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October 8, 2021 11:59 am
Reply to  catterj

Ugh. Because 8 seed is what they aspire to be. Contender isn’t even in their wildest dreams.

Carl
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October 8, 2021 1:21 pm
Reply to  catterj

he Kings have been determined to see what this current group looks like early on this regular season

This is just stupid. If you’re Kingsguru and you don’t want to give up Fox or Halliburton, I get it. If you’re other folks who think Simmons isn’t worth much risk because he’ll turn into a malcontent, I get it. If you think he’s worth acquiring at a high cost, I get that too.

But if you’ve deluded yourself into thinking you don’t need Simmons at all because this 35 win team might be so good Simmons isn’t necessary, you shouldn’t be in an NBA front office.

AmateurNerd
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October 8, 2021 1:42 pm
Reply to  Carl

The thinking here must be that if Fox/Hali/Mitchell can light it up as a group, the team doesn’t need to spend other assets (Buddy, Bagley, picks) on Simmons–they can use those assets to get a player who fills a bigger need than perimeter playmaker/defender, like the ever-elusive small forward. And the longer Simmons remains untraded, the lower his value drops, making a Sac trade that much more feasible.

Inthestarz
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October 8, 2021 6:16 pm
Reply to  AmateurNerd

Nobody should think other assets are in the realm for Simmons

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October 8, 2021 1:44 pm
Reply to  Carl

But if you’ve deluded yourself into thinking you don’t need Simmons at all because this 35 win team might be so good Simmons isn’t necessary, you shouldn’t be in an NBA front office.

The issue is price, not whether or not acquiring Simmons is really worth it. If I haven’t made that clear, well, let’s just say I would have said I had made that clear even if I haven’t said it in recent weeks.

My issue with trading for Ben Simmons isn’t I’m not willing to trade for potential, only what you’re likely to really get when you actually acquire him. I also won’t pay full price due to that very large contract that he’s not really worth (that goes up with the trade bonus that will not be waived I can guarantee it).

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October 8, 2021 1:44 pm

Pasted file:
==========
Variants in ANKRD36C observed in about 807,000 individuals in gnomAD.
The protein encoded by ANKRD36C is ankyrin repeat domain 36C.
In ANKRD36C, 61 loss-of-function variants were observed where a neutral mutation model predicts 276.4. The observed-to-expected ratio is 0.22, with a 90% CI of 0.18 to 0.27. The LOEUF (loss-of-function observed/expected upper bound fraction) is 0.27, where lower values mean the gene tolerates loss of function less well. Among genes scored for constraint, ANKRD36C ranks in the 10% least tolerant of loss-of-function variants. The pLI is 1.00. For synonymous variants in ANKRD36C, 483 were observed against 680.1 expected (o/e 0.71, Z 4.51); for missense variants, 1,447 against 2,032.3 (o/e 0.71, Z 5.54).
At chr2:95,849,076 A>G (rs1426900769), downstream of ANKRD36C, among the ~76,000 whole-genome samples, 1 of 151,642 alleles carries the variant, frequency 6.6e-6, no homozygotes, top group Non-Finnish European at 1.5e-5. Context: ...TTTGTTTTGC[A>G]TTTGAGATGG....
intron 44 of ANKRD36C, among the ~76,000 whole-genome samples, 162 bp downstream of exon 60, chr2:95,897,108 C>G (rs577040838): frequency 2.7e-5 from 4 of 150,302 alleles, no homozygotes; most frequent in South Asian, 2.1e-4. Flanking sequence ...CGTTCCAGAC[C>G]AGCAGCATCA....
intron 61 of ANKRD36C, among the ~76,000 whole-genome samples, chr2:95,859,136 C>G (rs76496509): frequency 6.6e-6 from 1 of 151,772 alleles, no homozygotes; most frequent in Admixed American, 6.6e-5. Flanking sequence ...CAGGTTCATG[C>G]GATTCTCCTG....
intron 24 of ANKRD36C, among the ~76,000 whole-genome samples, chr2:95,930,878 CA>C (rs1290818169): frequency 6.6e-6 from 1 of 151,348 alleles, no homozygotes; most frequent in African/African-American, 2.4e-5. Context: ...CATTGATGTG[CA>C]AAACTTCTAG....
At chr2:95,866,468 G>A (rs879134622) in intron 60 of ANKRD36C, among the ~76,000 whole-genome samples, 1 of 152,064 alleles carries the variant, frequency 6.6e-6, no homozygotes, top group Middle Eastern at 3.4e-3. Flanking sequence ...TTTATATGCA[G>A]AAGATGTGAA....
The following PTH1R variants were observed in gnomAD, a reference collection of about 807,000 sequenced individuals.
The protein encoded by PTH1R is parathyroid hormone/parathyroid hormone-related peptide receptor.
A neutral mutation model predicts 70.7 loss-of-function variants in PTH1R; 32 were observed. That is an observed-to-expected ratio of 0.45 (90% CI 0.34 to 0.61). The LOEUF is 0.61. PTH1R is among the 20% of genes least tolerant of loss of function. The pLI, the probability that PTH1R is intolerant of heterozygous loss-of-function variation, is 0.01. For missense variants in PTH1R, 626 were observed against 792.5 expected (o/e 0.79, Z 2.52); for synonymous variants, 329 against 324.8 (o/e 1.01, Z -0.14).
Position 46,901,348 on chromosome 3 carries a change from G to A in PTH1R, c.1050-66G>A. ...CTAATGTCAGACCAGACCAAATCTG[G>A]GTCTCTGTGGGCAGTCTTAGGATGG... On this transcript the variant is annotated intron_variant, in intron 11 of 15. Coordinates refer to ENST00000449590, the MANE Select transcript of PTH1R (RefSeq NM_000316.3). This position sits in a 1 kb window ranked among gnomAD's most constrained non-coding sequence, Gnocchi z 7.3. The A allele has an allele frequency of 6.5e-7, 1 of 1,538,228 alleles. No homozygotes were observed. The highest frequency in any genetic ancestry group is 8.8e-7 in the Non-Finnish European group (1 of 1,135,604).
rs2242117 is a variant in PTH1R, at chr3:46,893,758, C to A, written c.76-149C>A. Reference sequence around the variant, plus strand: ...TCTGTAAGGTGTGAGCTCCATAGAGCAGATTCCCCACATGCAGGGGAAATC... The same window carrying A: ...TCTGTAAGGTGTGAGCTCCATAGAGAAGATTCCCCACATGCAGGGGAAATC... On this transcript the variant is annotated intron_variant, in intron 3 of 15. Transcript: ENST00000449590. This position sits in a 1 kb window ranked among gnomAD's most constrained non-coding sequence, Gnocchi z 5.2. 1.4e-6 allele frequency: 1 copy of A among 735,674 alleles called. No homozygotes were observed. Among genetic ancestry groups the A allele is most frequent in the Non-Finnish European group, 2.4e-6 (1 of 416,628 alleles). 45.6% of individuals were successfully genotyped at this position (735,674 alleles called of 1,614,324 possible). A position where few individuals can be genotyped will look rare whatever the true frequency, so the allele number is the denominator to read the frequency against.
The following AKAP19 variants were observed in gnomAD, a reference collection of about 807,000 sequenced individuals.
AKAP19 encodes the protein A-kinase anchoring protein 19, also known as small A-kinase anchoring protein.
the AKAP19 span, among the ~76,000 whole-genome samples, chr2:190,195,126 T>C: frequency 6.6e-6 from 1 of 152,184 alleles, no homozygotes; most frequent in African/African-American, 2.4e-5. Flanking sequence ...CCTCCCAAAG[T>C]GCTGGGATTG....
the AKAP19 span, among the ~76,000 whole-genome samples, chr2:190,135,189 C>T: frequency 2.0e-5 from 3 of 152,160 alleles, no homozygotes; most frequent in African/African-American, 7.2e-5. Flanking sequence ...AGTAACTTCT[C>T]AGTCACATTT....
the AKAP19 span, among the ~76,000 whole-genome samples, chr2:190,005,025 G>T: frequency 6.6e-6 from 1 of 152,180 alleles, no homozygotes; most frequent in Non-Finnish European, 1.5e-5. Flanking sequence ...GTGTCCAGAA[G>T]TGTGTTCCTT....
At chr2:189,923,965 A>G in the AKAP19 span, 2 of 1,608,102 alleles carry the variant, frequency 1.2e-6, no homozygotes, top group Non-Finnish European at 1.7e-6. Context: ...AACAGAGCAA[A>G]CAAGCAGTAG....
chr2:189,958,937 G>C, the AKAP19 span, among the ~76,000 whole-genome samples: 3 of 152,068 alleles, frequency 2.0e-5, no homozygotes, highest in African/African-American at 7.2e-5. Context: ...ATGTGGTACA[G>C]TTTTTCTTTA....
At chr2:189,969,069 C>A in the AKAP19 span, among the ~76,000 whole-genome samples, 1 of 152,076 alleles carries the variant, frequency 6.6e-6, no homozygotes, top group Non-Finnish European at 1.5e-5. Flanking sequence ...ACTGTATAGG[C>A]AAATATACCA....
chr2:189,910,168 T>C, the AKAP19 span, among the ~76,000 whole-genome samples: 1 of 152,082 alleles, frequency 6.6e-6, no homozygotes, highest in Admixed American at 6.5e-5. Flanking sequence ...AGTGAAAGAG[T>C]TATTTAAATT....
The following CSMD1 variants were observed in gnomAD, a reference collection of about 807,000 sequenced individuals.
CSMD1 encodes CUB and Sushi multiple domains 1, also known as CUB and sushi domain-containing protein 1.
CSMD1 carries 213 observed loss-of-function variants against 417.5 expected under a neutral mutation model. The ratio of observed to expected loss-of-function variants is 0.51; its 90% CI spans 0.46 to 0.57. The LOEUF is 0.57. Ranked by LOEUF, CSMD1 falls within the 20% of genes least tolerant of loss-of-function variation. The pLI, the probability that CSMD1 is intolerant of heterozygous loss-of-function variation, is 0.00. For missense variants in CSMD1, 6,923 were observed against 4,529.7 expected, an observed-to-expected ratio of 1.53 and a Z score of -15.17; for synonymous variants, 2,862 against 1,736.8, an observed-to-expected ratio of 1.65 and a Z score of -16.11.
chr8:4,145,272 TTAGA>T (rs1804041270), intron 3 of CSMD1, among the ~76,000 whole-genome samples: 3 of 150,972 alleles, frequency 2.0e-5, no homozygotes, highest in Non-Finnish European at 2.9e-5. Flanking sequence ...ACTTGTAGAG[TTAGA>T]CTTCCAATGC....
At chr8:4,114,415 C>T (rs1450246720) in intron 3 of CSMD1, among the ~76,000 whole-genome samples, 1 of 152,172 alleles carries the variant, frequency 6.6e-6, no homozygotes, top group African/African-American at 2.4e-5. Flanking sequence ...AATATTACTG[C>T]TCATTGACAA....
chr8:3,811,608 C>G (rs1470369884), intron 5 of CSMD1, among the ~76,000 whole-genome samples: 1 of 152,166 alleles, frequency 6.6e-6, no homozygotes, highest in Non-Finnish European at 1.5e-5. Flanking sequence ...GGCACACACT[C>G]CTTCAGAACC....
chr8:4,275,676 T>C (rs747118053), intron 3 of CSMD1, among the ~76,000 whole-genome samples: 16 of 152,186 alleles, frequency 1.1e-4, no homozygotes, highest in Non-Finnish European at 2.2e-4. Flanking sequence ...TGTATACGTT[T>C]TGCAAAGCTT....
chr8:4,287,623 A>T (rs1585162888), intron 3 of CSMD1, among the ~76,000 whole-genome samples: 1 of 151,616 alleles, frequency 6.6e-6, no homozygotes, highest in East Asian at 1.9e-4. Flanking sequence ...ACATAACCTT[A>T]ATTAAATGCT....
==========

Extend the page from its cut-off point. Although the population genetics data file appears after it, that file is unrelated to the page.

Reply to  Carl

I doubt that anyone actually believes that, but wail away at the premise if you must.

The only way to know is to find out, but I find the argument that the cost of acquiring Simmons could preclude any large improvement in wins to be rather compelling. Even dispensing with the fact that he utterly lacks the most basic skill in the game, I’m not confident that changing scenery from a contender to the Futility Hall of Fame will bring him out of his funk.

Carl
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October 9, 2021 9:01 am
Reply to  andy_sims

.

Last edited 1 year ago by Carl
BuffaloDiaspora
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October 8, 2021 2:05 pm
Reply to  Carl

Morey was clearly being unreasonable and the rumors are that he’s still being completely unreasonable. As long as Monte let him know what is and is not on the table and left it at “give me a call if you want to talk about the assets we’re willing to part with”, I’m fine with that.

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October 8, 2021 4:37 pm
Reply to  Carl

If you were interested in a player and other teams thought you were interested in a player, this is probably what you would say. It’s no more ridiculous than the Sixers absurd trade demands or the idea that they’ll just never trade Simmons and make him sit and miss checks for the next four years.

Eventually, probably somewhere early this season, this will become a distraction, the Sixers will lose a couple games in a row and another team will start slow and he’ll get moved for a deal somewhere in between what we’ve seen thus far. Will it be the Kings? Probably not because there are other teams out there but I would be shocked if it doesn’t play out this way.

Last edited 1 year ago by ForKingsandCountry
ScottyPop
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October 9, 2021 11:29 am
Reply to  catterj

Looks like a receipt to me

bignerd
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October 8, 2021 10:44 am

Fox
Haliburton
Mitchell
Simmons

Could they beat every Kings team the last 15 seasons playing 4 on 5. The problem is Walton, equivalent of adding -.5 player on the court.

I’m on the only make the trade if the Kings can keep their other three pieces, which makes the trade 98% not likely.

Kosta
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October 8, 2021 10:48 am
Reply to  bignerd

I’d love for this to happen, but yeah, probably have to give up at least one of those 3 guys.

I’d much rather depart with Bagley and Buddy, but I don’t think Morey would go for that.

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October 8, 2021 1:47 pm
Reply to  Kosta

I would be dancing for quite awhile if I found out the Kings gave up Buddy Hield, Marvin Bagley and 2 (even unprotected) FRP’s for Ben Simmons.

That’s the ideal trade for Sacramento. I just think the Sixers would rather have Harrison Barnes if it came down to Barnes or Hield.

Kosta
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October 8, 2021 2:43 pm
Reply to  Kingsguru21

D’oh! I meant “part” not “depart”. I don’t want to depart!

I’d be fine with giving Harrison up to get Simmons.